Suppose you plan to migrate to an injection molded part. In that case, it behooves you to have a prototype that is as geometrically equivalent as possible to the anticipated product so what you test in the field will indicate final performance. The iterative step here, and one of the major barriers that have existed, is the expense of an injection mold. An injection-molded prototype is expensive, but prototyping for an injection molded part doesn’t have to be. An accurate prototype can be more affordably extruded or machined with the right analysis, so field testing results in an apples-to-apples representation – allowing you to measure twice and cut once for superior part design.

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The core of an injection molding die.

Many internal product teams are openly hesitant to pursue material conversion and its associated prototyping because they lack the expertise in designing with advanced materials, a gap we work to help them a bridge. An aircraft company we’re working with recently told me, “We just have not had the in-house expertise to do this.” Knowing the gap exists, we educate teams on designing for non-metallics as we help them convert their first few parts, teaching them best practices and how to meet their performance criteria. This allows us to show them the process first and check their work, supervising analysis so that when they are ready, they can follow the same steps in designing future non-metallic parts and components.

Finite element analysis (FEA) has been used for years to improve the design of parts by meticulously analyzing before building, cutting the cost of prototyping. But, more recently, design topology optimization has been used to improve designs further by only putting material where you need it. Design topology optimization is currently used for machined and cast parts at companies working to achieve weight reduction goals where geometries are mostly linear but come with higher manufacturing costs, especially for machined parts.


With advanced materials, fiber orientation is an extra and critical consideration to take into account for optimization. Engineering the design of a prototype is different from analyzing it. We extract fiber orientation data during mold flow analysis, then use that as an extra design input in FEA. This process is difficult, takes time and experience. And because they aren’t equipped for fiber orientation analysis, many designers err on the side of caution and use a weaker overall material model, losing that material strength and the entire reason they were using topology optimization in the first place.

This additional analysis in the design process takes raw data, and highly characterized values to more accurately understand how a part made with an advanced material is going to run from mold flow through to FEA. It takes longer to create the complex geometries required for consolidated parts, but this in-depth analysis results in optimized prototype and part design before cutting and tooling.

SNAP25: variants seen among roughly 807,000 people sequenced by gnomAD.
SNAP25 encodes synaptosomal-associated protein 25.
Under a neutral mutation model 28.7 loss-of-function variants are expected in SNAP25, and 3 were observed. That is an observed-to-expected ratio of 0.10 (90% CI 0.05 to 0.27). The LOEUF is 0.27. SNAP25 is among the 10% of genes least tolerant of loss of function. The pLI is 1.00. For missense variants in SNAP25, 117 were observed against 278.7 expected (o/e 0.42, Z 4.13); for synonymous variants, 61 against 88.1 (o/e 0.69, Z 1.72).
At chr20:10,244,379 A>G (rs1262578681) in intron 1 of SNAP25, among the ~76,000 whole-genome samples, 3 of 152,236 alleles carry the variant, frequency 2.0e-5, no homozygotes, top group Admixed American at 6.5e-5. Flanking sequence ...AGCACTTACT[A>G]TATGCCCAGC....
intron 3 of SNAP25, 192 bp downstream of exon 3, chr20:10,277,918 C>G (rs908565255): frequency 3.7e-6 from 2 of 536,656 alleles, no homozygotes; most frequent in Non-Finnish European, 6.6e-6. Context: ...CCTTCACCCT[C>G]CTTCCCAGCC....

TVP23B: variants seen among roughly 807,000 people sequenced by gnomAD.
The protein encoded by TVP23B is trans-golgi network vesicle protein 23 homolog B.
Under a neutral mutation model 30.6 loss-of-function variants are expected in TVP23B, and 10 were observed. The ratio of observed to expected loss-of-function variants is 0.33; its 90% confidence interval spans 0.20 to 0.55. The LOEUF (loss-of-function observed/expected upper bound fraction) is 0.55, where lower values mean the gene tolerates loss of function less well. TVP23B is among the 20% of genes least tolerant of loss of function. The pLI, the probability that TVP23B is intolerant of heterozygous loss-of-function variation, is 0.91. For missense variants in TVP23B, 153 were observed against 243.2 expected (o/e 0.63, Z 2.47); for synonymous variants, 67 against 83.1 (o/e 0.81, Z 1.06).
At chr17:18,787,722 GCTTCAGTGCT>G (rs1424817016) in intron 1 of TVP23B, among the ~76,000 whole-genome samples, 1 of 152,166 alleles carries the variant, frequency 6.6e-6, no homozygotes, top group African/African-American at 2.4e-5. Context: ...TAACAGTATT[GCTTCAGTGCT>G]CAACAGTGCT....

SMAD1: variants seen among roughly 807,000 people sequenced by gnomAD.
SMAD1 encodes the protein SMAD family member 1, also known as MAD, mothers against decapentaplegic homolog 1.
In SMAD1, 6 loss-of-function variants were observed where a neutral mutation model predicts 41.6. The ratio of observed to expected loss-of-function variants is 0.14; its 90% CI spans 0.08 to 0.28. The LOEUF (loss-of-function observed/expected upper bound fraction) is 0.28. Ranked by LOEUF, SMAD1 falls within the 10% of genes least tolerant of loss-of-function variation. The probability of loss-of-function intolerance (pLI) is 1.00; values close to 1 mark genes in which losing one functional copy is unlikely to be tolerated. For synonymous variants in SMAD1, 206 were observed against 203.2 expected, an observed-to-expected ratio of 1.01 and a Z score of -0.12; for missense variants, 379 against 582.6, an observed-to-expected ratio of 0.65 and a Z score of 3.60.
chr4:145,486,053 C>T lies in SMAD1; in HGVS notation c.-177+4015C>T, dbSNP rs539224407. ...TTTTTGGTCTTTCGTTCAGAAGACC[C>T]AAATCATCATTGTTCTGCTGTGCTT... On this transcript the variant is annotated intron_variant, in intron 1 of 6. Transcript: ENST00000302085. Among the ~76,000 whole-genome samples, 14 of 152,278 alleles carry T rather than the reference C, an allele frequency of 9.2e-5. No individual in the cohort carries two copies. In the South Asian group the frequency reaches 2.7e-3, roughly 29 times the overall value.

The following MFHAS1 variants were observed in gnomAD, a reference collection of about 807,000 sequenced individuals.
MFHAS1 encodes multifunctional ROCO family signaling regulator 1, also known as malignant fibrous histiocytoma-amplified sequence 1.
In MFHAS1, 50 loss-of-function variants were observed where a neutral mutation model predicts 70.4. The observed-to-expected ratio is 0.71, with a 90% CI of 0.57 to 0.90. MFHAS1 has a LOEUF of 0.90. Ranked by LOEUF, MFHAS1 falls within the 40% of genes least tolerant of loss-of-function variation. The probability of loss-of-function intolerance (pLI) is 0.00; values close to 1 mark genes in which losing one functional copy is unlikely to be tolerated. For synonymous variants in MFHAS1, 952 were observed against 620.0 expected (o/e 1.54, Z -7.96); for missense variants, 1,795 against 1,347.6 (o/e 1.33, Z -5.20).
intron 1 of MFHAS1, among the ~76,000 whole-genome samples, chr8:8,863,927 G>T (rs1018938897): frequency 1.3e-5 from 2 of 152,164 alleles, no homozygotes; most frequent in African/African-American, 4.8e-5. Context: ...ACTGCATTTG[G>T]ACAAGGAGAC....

With the right design topology optimization, the right prototype can be machined instead of molded, allowing you to cut significant time and cost from the prototyping process. Still, ensure the part you send in the field will give you the actual feedback you need. Especially in cases where parts have been consolidated, these prototypes can reflect smarter designs made out of better materials that can do more and weigh less. The key is to have the right design expertise in the process. That understanding does not have to come from an inside product team, especially since conversion from metal is new for so many. Prototyping with advanced materials does not require injection molds, just the right design, and analysis.

It's time to shift the paradigm in prototyping. An injection mold is not essential for prototyping a part that will eventually be injection molded. Rather, proper part design optimization from the start allows for superior and representative prototypes without the expensive outlay of a mold. Machining exact prototypes from billets cuts costs, timelines, and uncertainties first in the prototyping and design process. Ultimately, it counts by introducing the benefits of lighter and better-performing parts made of advanced materials. Delaying the cost of an injection mold until you’ve proven a part in the field creates more assurance that the investment will be worth it. It also means you can put your design to the test and get results sooner without having to wait weeks for the mold itself.

As we reimagine part designs with an eye to environmental impacts, we also overcome the historical barriers to working with advanced materials that can make our footprint a little lighter.